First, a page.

Introduction to XML and C++

592 words, 3 mins

Over the last few years a growing number of applications and services have been using a type of text mark-up known as XML. The structure of XML, and the timing of its introduction, made it a perfect match for the new (at that time) and fast growing language Java. However, its use in C++ has lagged behind somewhat, and this series of articles is aimed at redressing the balance a little.

The aim of the series will be, firstly, to give some background to what XML is and when to use it, secondly to give some guidance on using the main parsers in C++ code, and finally, some advanced techniques in parsing XML files.

The roots of XML can be traced back to the 1980’s, to a mark-up language called SGML (the Standard Generalized Markup Language) that was created by IBM. This was, in turn, based upon the GML, an earlier mark-up language. In 1986 the ISO standards committee adopted SGML as a standard.

SGML is big, powerful and complex to learn. It was also widely used for marking up documents that needed to be interoperable between different systems. When a standard document definition format was needed for Web pages, it was natural to base it upon SGML, and so a vastly simpler subset of SGML was created called HTML. This was easy to learn and this ease contributed greatly to the growth of the Web.

But HTML has many drawbacks, not the least that different browser writers tended to interpret it in their own way. Other drawbacks are that HTML mixes content and the display of content and that there is no way of extending the language except through a standards process.

So work was started in 1996 on another mark-up language that would combine the power of SGML with the simplicity of HTML. It should be easily extendable, efficient to parse and simple for programmers to use in applications. It would be platform and language independent. In Feb. 1998 World Wide Web Consortium (W3C) made it a Recommendation.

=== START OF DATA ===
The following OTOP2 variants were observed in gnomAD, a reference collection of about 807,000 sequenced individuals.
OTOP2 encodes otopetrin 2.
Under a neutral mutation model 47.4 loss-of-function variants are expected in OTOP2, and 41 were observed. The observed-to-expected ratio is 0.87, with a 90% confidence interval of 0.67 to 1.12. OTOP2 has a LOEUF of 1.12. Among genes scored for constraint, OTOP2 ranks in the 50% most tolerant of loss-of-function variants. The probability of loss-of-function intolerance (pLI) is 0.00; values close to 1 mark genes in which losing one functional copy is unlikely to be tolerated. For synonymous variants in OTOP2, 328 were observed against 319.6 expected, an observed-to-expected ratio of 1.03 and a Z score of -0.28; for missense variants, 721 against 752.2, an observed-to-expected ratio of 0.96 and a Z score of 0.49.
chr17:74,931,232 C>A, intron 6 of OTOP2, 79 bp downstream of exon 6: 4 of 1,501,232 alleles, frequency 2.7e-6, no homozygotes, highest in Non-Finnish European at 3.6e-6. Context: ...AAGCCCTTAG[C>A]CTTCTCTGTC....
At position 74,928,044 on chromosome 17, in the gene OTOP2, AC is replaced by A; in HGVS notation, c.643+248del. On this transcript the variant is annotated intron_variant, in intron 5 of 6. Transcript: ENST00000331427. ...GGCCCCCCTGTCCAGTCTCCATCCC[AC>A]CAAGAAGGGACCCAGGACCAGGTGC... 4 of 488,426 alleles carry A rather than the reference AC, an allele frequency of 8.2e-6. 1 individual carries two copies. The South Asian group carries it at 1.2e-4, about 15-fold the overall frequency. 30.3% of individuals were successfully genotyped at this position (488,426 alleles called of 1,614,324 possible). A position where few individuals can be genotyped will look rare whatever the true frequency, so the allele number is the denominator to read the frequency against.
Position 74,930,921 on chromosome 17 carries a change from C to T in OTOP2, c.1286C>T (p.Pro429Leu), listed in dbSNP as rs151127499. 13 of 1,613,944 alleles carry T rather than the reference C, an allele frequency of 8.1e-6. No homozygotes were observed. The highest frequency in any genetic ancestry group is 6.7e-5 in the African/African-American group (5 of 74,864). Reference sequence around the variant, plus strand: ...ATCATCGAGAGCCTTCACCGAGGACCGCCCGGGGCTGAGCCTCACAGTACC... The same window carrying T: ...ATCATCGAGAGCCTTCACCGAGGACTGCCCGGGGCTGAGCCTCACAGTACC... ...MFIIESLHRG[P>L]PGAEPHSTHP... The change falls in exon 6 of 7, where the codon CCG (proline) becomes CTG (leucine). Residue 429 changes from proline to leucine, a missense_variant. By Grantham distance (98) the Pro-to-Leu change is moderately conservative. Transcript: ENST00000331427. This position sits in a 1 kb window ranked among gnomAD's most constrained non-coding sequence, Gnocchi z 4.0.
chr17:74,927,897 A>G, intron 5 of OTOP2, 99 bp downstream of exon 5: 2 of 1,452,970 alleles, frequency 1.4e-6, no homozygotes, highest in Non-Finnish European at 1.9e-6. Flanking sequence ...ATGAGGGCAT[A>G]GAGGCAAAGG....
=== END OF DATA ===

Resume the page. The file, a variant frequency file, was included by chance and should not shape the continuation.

It is known as XML, the eXtensible Markup Language.

But not only was it a simpler version of SGML, XML has formed the basis for a family of related technologies and protocols that increase its power tremendously.

  • XLink describes ways to add hyperlinks to XML
  • XPath describes a path to a particular point within an XML document.
  • XPointer builds on XPath to point to parts or ranges of an XML document
  • XSL is a stylesheet language that specifies how the different elements in an XML doc are to be displayed.
  • XSLT, XSL Transformations, provides a powerful way of transforming an XML doc into different formats
  • XMLSchemas are a way to specify what is valid or not within a document.
  • DOM, the Document Object Model, is a standard object model of an XML document with a standard API.
  • CSS is a style sheet language, widely used on the Web, that can also be used to define how an XML document can be displayed.

XML allows a document definition (DTD or XMLSchema) to describe the semantics of the XML, and so many different applications of XML have appeared, such as RTF, XUL, MathML and XHTML, each oriented towards a particular domain of application.

XML is not the right thing for all occasions. It is not an object database replacement. It is not a programming language. It is probably overkill for writing letters to your mother. But, as a backend document format it is very powerful and increasingly widely used.